**
Fooled by Randomness: The Hidden Role of Chance in Life and in the Markets
** by
Nassim Nicholas Taleb

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Antoine Gombaud: Chevalier de Méré, availability heuristic, backtesting, Benoit Mandelbrot, Black Swan, complexity theory, corporate governance, currency peg, Daniel Kahneman / Amos Tversky, discounted cash flows, diversified portfolio, endowment effect, equity premium, global village, hindsight bias, Long Term Capital Management, loss aversion, mandelbrot fractal, mental accounting, meta analysis, meta-analysis, quantitative trading / quantitative ﬁnance, QWERTY keyboard, random walk, Richard Feynman, Richard Feynman, road to serfdom, Robert Shiller, Robert Shiller, shareholder value, Sharpe ratio, Steven Pinker, stochastic process, too big to fail, Turing test, Yogi Berra

This simple remark, possibly blurted out in a state of intoxication or extreme enthusiasm, caused Dos Passos to become required reading in European intellectual circles, as Sartre’s remark was mistaken for a consensus estimate of the quality of Dos Passos rather than what it was, the best remark. (In spite of such interest in his work, Dos Passos has reverted to obscurity.) The Backtester A programmer helped me build a backtester. It is a software program connected to a database of historical prices, which allows me to check the hypothetical past performance of any trading rule of average complexity. I can just apply a mechanical trading rule, like buy NASDAQ stocks if they close more than 1.83% above their average of the previous week, and immediately get an idea of its past performance. The screen will flash my hypothetical track record associated with the trading rule.

…

A Mischievous Child Replaces the Black Balls Seven THE PROBLEM OF INDUCTION FROM BACON TO HUME Cygnus Atratus Niederhoffer SIR KARL’S PROMOTING AGENT Location, Location Popper’s Answer Open Society Nobody Is Perfect Induction and Memory Pascal’s Wager THANK YOU, SOLON PART II: MONKEYS ON TYPEWRITERS • Survivorship and Other Biases IT DEPENDS ON THE NUMBER OF MONKEYS VICIOUS REAL LIFE THIS SECTION Eight TOO MANY MILLIONAIRES NEXT DOOR HOW TO STOP THE STING OF FAILURE Somewhat Happy Too Much Work You’re a Failure DOUBLE SURVIVORSHIP BIASES More Experts Visibility Winners It’s a Bull Market A GURU’S OPINION Nine IT IS EASIER TO BUY AND SELL THAN FRY AN EGG FOOLED BY NUMBERS Placebo Investors Nobody Has to Be Competent Regression to the Mean Ergodicity LIFE IS COINCIDENTAL The Mysterious Letter An Interrupted Tennis Game Reverse Survivors The Birthday Paradox It’s a Small World! Data Mining, Statistics, and Charlatanism The Best Book I Have Ever Read! The Backtester A More Unsettling Extension The Earnings Season: Fooled by the Results COMPARATIVE LUCK Cancer Cures Professor Pearson Goes to Monte Carlo (Literally): Randomness Does Not Look Random! The Dog That Did Not Bark: On Biases in Scientific Knowledge I HAVE NO CONCLUSION Ten LOSER TAKES ALL—ON THE NONLINEARITIES OF LIFE THE SANDPILE EFFECT Enter Randomness Learning to Type MATHEMATICS INSIDE AND OUTSIDE THE REAL WORLD The Science of Networks Our Brain Buridan’s Donkey or the Good Side of Randomness WHEN IT RAINS, IT POURS Eleven RANDOMNESS AND OUR MIND: WE ARE PROBABILITY BLIND PARIS OR THE BAHAMAS?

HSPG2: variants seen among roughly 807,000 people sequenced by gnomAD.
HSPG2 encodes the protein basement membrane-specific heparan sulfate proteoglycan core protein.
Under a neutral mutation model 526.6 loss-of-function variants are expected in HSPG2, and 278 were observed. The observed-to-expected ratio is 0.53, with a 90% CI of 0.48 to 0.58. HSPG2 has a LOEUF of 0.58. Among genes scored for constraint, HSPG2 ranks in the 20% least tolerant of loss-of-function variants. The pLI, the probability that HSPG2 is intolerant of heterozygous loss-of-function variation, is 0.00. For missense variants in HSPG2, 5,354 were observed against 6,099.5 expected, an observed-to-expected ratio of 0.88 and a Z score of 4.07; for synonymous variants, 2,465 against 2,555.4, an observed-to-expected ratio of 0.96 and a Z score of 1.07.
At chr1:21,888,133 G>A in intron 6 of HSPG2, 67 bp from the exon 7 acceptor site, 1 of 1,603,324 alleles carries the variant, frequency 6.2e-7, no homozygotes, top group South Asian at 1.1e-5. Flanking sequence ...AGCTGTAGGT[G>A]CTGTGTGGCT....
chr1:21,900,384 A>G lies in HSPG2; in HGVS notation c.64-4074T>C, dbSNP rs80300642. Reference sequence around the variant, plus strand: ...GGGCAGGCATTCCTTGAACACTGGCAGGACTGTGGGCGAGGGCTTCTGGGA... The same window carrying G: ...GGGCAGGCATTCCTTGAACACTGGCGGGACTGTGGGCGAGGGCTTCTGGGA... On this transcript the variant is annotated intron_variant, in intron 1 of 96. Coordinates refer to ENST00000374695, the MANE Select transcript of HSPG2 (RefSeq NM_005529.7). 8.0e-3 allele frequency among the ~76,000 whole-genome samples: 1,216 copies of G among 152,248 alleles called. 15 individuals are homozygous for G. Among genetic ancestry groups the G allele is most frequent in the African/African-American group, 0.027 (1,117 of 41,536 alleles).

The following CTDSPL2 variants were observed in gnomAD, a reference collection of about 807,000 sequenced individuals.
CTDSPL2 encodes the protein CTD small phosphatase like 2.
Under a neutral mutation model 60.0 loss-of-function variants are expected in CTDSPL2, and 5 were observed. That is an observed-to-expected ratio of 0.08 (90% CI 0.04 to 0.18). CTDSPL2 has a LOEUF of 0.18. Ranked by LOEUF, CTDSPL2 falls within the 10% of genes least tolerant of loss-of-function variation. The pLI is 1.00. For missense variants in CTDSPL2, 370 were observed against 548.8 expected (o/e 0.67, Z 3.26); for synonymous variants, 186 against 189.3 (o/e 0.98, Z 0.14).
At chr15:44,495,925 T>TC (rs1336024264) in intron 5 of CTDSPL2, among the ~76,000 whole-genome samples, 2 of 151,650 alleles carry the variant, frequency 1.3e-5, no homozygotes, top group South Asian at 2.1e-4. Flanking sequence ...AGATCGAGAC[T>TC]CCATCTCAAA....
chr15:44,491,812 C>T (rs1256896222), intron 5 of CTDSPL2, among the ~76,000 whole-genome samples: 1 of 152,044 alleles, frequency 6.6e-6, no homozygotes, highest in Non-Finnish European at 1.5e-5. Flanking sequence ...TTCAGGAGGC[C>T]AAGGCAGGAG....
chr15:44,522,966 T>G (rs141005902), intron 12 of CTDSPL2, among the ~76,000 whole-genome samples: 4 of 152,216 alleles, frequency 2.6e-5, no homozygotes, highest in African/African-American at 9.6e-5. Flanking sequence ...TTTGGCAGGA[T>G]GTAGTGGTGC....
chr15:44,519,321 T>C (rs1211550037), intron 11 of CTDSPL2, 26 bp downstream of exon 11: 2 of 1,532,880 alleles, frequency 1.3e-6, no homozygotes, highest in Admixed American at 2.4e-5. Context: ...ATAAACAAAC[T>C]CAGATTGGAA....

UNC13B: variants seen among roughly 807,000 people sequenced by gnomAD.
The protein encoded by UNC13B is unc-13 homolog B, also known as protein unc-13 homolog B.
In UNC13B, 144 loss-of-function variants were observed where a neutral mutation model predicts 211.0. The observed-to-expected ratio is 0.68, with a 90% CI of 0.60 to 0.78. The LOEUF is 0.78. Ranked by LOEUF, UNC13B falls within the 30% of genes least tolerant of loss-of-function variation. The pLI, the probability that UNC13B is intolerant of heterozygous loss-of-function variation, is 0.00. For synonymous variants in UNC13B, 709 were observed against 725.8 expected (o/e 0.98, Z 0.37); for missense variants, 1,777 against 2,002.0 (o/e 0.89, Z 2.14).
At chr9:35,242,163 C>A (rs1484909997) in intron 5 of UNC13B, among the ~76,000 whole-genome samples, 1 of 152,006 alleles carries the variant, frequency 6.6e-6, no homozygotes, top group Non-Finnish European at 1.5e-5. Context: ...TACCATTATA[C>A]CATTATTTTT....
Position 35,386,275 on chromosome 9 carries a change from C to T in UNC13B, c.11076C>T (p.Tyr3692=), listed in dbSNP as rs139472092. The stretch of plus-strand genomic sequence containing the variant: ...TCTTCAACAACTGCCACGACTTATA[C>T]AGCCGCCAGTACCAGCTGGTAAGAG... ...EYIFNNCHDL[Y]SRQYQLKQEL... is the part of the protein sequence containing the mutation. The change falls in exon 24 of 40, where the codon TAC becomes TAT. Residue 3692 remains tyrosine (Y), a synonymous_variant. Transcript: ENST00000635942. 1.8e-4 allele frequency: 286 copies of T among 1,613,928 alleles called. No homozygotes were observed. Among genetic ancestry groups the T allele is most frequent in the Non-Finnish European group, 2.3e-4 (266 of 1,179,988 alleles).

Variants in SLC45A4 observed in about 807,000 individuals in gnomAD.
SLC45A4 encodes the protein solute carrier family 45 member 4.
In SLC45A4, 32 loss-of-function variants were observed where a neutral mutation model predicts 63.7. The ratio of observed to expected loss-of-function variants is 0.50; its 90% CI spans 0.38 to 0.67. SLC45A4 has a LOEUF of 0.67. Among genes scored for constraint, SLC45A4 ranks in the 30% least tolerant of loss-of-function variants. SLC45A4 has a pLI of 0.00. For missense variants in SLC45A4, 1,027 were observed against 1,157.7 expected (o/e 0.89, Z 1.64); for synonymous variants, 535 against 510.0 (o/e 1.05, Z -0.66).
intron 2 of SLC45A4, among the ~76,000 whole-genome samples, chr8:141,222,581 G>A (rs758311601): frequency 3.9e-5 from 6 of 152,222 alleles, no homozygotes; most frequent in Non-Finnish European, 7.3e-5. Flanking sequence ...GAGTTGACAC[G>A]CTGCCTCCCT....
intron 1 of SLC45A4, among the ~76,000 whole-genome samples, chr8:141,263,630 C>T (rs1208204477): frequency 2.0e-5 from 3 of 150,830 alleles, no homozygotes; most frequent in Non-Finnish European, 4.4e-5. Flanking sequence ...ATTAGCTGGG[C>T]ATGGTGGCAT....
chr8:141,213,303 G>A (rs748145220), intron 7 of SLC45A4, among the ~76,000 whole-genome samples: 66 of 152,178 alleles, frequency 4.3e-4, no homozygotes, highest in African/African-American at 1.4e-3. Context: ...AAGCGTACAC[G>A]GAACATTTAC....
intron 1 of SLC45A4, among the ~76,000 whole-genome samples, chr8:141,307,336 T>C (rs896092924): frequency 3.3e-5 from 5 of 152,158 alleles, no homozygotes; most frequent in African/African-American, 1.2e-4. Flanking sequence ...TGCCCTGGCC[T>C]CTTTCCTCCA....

…

If enough trading rules are considered over time, some rules are bound by pure luck, even in a very large sample, to produce superior performance even if they do not genuinely possess predictive power over asset returns. Of course, inference based solely on the subset of surviving trading rules may be misleading in this context since it does not account for the full set of initial trading rules, most of which are unlikely to have underperformed. I have to decry some excesses in backtesting that I have closely witnessed in my private career. There is an excellent product designed just for that, called Omega TradeStation, that is currently on the market, in use by tens of thousands of traders. It even offers its own computer language. Beset with insomnia, the computderized day traders become night testers plowing the data for some of its properties. By dint of throwing their monkeys on typewriters, without specifying what book they want their monkey to write, they will hit upon hypothetical gold somewhere.

**
New Market Wizards: Conversations With America's Top Traders
** by
Jack D. Schwager

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backtesting, Benoit Mandelbrot, Berlin Wall, Black-Scholes formula, butterfly effect, commodity trading advisor, Elliott wave, fixed income, full employment, implied volatility, interest rate swap, Louis Bachelier, margin call, market clearing, market fundamentalism, paper trading, pattern recognition, placebo effect, prediction markets, Ralph Nelson Elliott, random walk, risk tolerance, risk/return, Saturday Night Live, Sharpe ratio, the map is not the territory, transaction costs, War on Poverty